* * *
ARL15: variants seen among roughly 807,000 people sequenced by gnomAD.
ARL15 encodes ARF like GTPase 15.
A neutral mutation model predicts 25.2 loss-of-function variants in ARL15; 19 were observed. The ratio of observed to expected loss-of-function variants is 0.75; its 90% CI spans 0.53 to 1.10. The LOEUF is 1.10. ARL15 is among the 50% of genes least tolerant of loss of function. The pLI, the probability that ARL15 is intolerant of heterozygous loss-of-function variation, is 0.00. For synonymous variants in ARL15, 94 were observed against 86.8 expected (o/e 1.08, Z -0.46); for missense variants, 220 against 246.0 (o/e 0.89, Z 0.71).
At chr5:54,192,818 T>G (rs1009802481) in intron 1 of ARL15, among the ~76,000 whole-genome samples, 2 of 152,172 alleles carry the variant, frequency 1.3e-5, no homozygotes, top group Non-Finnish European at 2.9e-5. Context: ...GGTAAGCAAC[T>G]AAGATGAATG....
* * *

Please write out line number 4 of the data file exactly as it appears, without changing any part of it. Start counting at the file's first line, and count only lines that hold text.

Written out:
At chr5:54,192,818 T>G (rs1009802481) in intron 1 of ARL15, among the ~76,000 whole-genome samples, 2 of 152,172 alleles carry the variant, frequency 1.3e-5, no homozygotes, top group Non-Finnish European at 2.9e-5. Context: ...GGTAAGCAAC[T>G]AAGATGAATG....